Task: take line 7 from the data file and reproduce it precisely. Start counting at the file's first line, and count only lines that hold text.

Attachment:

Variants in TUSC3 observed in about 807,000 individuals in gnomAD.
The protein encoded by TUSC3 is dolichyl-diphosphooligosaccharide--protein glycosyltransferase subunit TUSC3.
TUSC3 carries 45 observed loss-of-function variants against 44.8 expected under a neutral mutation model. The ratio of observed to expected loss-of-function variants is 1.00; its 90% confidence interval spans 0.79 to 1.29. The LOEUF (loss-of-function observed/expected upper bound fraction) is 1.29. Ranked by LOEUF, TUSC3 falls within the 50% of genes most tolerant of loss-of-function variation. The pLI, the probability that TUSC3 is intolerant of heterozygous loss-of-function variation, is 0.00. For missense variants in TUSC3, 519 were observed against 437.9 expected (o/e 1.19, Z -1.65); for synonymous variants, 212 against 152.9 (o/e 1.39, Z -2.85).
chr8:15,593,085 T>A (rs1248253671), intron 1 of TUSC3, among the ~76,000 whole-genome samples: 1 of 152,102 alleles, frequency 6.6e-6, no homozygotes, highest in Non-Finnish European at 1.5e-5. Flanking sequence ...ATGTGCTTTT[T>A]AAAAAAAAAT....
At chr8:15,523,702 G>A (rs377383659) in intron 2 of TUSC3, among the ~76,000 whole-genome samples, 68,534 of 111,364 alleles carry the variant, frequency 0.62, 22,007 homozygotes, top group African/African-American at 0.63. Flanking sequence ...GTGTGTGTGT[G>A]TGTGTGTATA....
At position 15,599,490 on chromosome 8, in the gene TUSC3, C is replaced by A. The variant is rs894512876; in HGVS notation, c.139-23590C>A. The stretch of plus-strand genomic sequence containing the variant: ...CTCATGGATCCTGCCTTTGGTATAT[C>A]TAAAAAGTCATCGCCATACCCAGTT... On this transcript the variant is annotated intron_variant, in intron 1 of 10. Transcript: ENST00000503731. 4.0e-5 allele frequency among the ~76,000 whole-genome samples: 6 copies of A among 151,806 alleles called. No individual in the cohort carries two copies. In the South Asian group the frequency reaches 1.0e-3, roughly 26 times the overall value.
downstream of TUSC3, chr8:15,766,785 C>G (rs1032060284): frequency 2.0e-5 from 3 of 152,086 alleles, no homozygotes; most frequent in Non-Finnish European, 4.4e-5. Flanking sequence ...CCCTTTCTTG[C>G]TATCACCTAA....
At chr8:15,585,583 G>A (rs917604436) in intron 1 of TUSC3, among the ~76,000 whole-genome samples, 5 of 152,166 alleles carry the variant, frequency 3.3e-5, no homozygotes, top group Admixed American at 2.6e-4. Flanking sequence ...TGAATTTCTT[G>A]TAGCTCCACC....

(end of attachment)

downstream of TUSC3, chr8:15,766,785 C>G (rs1032060284): frequency 2.0e-5 from 3 of 152,086 alleles, no homozygotes; most frequent in Non-Finnish European, 4.4e-5. Flanking sequence ...CCCTTTCTTG[C>G]TATCACCTAA....